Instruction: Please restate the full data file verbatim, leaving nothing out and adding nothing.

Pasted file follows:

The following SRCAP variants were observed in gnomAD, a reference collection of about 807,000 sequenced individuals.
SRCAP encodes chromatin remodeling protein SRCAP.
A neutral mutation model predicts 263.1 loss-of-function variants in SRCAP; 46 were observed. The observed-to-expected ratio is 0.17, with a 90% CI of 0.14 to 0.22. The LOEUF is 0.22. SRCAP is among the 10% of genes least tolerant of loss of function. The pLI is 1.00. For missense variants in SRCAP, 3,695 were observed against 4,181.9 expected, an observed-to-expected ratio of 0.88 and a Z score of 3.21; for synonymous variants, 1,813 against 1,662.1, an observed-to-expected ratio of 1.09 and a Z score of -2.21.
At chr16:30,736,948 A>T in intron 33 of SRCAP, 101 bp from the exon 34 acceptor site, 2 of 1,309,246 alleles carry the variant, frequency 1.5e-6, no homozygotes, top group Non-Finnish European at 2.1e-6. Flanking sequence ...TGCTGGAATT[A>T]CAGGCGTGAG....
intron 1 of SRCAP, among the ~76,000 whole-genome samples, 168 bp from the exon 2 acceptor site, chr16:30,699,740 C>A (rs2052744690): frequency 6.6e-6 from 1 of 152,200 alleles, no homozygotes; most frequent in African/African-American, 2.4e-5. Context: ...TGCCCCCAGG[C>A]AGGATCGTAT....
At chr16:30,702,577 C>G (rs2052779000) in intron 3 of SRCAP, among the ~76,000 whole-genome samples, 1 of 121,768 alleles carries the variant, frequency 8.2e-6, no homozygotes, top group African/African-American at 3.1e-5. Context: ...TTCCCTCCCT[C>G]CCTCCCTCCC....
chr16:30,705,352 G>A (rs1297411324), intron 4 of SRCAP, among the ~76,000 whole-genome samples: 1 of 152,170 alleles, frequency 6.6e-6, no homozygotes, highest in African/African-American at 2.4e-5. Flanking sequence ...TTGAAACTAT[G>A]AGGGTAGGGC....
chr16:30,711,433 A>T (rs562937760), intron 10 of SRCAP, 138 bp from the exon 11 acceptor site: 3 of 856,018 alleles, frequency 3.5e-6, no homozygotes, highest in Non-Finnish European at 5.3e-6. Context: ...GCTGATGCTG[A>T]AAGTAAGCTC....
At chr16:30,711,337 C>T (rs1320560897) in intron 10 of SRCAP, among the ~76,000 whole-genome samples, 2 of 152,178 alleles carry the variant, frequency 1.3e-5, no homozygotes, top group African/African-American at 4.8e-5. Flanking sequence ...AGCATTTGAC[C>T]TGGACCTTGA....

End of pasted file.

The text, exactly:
The following SRCAP variants were observed in gnomAD, a reference collection of about 807,000 sequenced individuals.
SRCAP encodes chromatin remodeling protein SRCAP.
A neutral mutation model predicts 263.1 loss-of-function variants in SRCAP; 46 were observed. The observed-to-expected ratio is 0.17, with a 90% CI of 0.14 to 0.22. The LOEUF is 0.22. SRCAP is among the 10% of genes least tolerant of loss of function. The pLI is 1.00. For missense variants in SRCAP, 3,695 were observed against 4,181.9 expected, an observed-to-expected ratio of 0.88 and a Z score of 3.21; for synonymous variants, 1,813 against 1,662.1, an observed-to-expected ratio of 1.09 and a Z score of -2.21.
At chr16:30,736,948 A>T in intron 33 of SRCAP, 101 bp from the exon 34 acceptor site, 2 of 1,309,246 alleles carry the variant, frequency 1.5e-6, no homozygotes, top group Non-Finnish European at 2.1e-6. Flanking sequence ...TGCTGGAATT[A>T]CAGGCGTGAG....
intron 1 of SRCAP, among the ~76,000 whole-genome samples, 168 bp from the exon 2 acceptor site, chr16:30,699,740 C>A (rs2052744690): frequency 6.6e-6 from 1 of 152,200 alleles, no homozygotes; most frequent in African/African-American, 2.4e-5. Context: ...TGCCCCCAGG[C>A]AGGATCGTAT....
At chr16:30,702,577 C>G (rs2052779000) in intron 3 of SRCAP, among the ~76,000 whole-genome samples, 1 of 121,768 alleles carries the variant, frequency 8.2e-6, no homozygotes, top group African/African-American at 3.1e-5. Context: ...TTCCCTCCCT[C>G]CCTCCCTCCC....
chr16:30,705,352 G>A (rs1297411324), intron 4 of SRCAP, among the ~76,000 whole-genome samples: 1 of 152,170 alleles, frequency 6.6e-6, no homozygotes, highest in African/African-American at 2.4e-5. Flanking sequence ...TTGAAACTAT[G>A]AGGGTAGGGC....
chr16:30,711,433 A>T (rs562937760), intron 10 of SRCAP, 138 bp from the exon 11 acceptor site: 3 of 856,018 alleles, frequency 3.5e-6, no homozygotes, highest in Non-Finnish European at 5.3e-6. Context: ...GCTGATGCTG[A>T]AAGTAAGCTC....
At chr16:30,711,337 C>T (rs1320560897) in intron 10 of SRCAP, among the ~76,000 whole-genome samples, 2 of 152,178 alleles carry the variant, frequency 1.3e-5, no homozygotes, top group African/African-American at 4.8e-5. Flanking sequence ...AGCATTTGAC[C>T]TGGACCTTGA....